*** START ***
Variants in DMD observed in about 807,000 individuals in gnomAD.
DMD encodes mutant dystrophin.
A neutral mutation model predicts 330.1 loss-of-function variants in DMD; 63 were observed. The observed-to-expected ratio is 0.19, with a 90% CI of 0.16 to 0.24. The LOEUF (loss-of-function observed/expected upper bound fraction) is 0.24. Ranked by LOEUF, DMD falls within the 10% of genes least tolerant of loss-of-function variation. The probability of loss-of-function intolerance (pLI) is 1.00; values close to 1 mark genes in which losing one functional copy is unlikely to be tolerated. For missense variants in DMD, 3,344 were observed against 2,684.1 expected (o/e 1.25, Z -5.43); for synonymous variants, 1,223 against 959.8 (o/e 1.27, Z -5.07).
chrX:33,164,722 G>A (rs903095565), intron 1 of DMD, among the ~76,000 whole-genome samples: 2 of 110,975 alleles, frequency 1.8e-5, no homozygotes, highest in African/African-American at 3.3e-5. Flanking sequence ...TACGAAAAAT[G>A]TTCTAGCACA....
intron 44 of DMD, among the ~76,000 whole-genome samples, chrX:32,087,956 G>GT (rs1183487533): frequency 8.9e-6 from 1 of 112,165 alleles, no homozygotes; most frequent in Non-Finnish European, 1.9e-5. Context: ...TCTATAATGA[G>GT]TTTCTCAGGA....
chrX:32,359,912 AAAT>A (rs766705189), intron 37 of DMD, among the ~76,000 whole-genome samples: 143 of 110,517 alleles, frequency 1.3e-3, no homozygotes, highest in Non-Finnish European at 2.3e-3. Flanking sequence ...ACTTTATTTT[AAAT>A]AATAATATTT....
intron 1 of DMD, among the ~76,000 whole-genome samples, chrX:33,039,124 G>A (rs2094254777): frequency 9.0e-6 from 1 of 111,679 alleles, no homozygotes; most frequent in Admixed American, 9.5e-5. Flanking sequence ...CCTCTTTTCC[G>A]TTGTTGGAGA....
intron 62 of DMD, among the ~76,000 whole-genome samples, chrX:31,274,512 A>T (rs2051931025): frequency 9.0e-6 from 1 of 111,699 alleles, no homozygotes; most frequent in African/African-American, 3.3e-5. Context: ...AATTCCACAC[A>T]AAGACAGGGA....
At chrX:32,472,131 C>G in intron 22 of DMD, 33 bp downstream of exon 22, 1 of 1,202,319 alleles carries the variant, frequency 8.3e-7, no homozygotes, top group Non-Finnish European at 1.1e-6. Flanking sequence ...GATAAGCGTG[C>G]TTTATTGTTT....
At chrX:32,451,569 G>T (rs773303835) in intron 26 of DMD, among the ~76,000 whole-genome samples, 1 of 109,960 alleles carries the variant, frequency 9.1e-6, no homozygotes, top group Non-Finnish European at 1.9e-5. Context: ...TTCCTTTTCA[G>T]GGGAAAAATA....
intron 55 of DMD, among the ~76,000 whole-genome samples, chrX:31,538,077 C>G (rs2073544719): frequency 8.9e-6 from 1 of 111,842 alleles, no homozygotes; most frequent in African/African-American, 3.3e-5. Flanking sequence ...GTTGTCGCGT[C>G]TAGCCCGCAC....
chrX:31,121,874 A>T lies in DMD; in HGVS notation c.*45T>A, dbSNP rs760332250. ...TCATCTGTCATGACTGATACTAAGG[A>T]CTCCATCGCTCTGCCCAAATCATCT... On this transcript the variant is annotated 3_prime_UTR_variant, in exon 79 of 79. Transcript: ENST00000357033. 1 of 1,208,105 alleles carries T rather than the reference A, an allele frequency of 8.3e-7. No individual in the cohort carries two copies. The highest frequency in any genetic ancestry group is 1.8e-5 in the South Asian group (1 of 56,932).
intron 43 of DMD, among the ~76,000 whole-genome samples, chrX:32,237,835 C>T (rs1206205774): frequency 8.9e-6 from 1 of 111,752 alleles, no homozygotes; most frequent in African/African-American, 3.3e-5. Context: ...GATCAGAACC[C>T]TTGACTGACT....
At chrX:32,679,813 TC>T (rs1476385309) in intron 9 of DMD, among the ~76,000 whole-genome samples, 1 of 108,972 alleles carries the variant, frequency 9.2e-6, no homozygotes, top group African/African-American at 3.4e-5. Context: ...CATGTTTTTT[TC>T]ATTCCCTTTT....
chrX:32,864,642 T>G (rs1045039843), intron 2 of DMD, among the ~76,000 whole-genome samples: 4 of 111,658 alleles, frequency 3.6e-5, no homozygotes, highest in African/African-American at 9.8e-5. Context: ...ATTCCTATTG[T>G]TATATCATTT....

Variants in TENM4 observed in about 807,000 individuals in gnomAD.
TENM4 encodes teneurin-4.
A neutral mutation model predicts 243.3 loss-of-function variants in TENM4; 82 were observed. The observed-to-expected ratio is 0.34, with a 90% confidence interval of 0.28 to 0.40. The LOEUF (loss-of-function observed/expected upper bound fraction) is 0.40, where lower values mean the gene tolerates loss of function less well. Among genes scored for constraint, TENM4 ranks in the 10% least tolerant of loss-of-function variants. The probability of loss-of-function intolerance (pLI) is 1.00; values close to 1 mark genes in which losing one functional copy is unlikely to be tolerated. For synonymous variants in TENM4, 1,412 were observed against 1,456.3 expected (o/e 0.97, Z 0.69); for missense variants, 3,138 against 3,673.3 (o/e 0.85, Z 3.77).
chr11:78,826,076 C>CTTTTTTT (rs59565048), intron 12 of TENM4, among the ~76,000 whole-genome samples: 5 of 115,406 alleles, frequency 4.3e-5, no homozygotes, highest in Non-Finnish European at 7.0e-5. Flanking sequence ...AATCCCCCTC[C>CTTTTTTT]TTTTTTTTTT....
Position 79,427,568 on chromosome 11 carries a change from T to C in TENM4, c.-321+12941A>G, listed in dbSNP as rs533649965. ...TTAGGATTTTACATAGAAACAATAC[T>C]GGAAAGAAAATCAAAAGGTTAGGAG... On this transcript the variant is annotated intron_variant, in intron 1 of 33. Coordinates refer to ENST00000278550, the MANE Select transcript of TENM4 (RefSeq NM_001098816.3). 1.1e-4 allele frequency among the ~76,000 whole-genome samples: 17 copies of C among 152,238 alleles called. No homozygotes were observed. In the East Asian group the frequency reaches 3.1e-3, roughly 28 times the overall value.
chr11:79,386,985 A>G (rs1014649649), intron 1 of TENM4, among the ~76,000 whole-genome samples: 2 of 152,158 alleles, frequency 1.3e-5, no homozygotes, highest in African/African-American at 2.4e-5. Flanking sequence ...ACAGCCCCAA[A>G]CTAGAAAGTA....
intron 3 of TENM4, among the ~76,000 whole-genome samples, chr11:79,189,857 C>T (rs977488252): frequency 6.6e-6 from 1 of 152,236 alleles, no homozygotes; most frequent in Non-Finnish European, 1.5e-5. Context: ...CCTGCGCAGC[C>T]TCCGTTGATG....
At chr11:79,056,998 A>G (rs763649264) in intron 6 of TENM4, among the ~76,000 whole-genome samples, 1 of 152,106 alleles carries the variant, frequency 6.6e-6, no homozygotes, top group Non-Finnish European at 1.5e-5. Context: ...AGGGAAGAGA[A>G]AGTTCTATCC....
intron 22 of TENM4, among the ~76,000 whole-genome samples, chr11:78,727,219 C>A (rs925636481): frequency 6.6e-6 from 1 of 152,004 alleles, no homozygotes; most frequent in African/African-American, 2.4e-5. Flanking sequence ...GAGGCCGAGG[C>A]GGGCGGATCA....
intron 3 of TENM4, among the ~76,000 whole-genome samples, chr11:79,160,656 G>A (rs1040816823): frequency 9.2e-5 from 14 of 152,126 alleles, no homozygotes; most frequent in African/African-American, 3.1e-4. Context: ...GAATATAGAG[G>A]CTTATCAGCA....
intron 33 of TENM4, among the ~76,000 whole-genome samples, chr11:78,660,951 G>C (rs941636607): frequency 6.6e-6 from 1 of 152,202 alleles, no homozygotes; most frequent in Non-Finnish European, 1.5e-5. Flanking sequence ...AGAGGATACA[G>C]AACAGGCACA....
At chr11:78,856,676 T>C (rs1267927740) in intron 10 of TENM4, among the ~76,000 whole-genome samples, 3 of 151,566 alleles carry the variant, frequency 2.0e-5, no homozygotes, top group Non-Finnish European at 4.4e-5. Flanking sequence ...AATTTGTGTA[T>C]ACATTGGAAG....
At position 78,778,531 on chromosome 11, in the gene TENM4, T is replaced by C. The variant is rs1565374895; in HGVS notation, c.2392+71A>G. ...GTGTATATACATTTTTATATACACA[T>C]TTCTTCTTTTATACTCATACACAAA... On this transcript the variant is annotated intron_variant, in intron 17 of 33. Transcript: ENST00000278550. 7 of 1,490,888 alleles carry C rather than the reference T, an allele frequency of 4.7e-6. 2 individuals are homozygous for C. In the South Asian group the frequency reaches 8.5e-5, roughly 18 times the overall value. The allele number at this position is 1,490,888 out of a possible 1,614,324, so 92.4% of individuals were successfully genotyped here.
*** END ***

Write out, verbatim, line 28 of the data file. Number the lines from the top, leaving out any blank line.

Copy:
At position 78,778,531 on chromosome 11, in the gene TENM4, T is replaced by C. The variant is rs1565374895; in HGVS notation, c.2392+71A>G. ...GTGTATATACATTTTTATATACACA[T>C]TTCTTCTTTTATACTCATACACAAA... On this transcript the variant is annotated intron_variant, in intron 17 of 33. Transcript: ENST00000278550. 7 of 1,490,888 alleles carry C rather than the reference T, an allele frequency of 4.7e-6. 2 individuals are homozygous for C. In the South Asian group the frequency reaches 8.5e-5, roughly 18 times the overall value. The allele number at this position is 1,490,888 out of a possible 1,614,324, so 92.4% of individuals were successfully genotyped here.